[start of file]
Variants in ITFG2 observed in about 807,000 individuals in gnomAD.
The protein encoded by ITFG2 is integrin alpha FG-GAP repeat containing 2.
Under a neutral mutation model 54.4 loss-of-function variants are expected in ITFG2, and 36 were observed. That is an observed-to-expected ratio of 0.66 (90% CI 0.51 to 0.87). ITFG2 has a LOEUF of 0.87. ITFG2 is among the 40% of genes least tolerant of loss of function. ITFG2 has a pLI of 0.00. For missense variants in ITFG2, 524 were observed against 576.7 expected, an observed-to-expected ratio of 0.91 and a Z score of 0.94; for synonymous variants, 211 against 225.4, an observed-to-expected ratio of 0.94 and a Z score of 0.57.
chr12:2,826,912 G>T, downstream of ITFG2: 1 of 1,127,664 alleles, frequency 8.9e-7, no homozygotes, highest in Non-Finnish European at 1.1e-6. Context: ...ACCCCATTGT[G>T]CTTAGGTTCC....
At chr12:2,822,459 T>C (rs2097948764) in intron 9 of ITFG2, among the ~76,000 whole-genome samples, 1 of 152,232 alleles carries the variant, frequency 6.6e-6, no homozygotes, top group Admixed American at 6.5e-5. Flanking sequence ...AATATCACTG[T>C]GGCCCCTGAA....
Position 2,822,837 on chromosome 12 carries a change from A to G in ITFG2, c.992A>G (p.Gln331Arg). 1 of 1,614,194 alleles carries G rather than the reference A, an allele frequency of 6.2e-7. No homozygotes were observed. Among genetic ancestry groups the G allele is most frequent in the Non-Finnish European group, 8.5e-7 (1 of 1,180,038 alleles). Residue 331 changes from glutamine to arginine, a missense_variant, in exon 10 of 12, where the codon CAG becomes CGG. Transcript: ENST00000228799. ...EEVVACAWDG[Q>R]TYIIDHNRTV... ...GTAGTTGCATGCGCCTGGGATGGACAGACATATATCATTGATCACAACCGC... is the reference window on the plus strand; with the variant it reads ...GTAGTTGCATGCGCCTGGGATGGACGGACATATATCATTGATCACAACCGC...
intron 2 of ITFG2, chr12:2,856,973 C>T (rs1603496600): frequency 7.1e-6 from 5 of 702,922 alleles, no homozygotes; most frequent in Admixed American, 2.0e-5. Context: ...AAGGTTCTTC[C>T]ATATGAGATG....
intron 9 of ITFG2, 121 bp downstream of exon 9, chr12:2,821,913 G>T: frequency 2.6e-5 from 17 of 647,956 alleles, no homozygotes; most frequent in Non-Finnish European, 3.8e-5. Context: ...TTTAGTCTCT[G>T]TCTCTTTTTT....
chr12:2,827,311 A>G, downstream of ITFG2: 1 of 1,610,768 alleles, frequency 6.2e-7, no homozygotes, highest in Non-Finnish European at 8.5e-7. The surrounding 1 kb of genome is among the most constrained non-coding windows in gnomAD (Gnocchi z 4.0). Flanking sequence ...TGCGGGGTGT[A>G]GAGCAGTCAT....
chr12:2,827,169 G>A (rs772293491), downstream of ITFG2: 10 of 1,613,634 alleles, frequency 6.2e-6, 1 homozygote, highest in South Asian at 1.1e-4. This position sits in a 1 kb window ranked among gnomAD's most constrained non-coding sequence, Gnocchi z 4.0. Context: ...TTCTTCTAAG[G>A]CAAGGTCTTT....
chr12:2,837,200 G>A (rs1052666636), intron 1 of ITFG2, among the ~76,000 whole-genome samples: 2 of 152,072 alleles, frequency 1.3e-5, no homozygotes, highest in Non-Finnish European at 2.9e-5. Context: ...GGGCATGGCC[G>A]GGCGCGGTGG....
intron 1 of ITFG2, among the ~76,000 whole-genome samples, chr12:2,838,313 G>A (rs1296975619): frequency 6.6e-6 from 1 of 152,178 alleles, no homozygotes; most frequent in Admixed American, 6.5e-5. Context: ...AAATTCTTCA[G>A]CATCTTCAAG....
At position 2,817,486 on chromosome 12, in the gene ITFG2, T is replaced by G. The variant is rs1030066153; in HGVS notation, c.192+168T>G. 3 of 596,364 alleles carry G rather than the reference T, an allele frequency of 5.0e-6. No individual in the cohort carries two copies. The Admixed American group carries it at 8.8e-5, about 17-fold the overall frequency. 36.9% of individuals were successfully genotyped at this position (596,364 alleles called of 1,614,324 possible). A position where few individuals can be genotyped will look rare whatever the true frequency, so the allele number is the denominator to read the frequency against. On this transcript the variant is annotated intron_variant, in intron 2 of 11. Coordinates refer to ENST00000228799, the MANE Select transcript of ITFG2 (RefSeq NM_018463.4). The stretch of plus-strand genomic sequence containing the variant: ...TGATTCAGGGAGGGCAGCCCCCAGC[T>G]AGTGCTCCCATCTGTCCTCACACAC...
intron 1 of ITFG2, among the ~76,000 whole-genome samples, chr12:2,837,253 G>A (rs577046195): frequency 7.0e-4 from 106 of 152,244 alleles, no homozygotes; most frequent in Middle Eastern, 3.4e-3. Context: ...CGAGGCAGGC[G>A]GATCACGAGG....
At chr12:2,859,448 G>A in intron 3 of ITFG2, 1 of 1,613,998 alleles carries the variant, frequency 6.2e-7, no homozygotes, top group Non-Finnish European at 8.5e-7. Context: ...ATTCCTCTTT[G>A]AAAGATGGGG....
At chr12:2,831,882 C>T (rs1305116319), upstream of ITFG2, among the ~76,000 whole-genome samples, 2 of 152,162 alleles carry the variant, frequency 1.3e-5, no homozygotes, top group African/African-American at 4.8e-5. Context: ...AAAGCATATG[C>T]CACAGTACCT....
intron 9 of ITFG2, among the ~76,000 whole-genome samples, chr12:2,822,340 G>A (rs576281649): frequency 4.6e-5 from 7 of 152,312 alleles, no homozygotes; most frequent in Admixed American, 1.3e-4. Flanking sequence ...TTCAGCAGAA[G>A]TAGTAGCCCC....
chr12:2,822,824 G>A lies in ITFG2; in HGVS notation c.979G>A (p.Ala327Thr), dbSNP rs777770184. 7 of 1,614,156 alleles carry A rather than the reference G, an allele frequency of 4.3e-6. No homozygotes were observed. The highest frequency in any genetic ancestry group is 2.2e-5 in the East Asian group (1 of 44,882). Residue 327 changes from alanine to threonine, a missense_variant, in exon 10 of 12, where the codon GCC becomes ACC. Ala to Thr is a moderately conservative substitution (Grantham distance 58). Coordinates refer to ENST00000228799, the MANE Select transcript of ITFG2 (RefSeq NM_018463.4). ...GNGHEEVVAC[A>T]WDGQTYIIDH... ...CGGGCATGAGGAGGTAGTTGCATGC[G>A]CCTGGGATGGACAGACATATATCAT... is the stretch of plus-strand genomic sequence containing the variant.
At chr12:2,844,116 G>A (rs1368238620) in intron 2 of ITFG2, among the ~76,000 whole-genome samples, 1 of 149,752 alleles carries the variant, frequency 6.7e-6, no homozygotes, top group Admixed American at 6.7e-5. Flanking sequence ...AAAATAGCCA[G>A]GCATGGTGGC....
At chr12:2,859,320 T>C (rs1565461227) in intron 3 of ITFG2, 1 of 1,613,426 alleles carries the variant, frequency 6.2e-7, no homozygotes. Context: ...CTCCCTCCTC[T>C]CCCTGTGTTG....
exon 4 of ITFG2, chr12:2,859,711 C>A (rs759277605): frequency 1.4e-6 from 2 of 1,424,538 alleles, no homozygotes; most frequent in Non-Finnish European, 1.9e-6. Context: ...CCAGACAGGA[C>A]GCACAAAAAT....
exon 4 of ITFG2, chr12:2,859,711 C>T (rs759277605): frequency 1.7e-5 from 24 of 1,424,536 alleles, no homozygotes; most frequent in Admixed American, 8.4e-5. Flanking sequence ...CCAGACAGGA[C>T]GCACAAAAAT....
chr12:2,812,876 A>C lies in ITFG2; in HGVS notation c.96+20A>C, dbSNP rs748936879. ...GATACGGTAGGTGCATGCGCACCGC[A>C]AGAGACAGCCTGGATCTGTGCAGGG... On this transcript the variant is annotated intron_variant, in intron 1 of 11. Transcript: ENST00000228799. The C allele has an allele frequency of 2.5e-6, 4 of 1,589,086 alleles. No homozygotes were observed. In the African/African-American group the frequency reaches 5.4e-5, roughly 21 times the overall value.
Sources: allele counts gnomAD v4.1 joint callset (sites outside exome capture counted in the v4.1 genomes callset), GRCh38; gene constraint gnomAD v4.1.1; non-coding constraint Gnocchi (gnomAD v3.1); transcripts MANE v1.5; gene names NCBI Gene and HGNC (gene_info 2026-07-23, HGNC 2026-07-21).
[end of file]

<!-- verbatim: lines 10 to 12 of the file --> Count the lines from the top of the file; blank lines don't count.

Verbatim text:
chr12:2,827,169 G>A (rs772293491), downstream of ITFG2: 10 of 1,613,634 alleles, frequency 6.2e-6, 1 homozygote, highest in South Asian at 1.1e-4. This position sits in a 1 kb window ranked among gnomAD's most constrained non-coding sequence, Gnocchi z 4.0. Context: ...TTCTTCTAAG[G>A]CAAGGTCTTT....
chr12:2,837,200 G>A (rs1052666636), intron 1 of ITFG2, among the ~76,000 whole-genome samples: 2 of 152,072 alleles, frequency 1.3e-5, no homozygotes, highest in Non-Finnish European at 2.9e-5. Context: ...GGGCATGGCC[G>A]GGCGCGGTGG....
intron 1 of ITFG2, among the ~76,000 whole-genome samples, chr12:2,838,313 G>A (rs1296975619): frequency 6.6e-6 from 1 of 152,178 alleles, no homozygotes; most frequent in Admixed American, 6.5e-5. Context: ...AAATTCTTCA[G>A]CATCTTCAAG....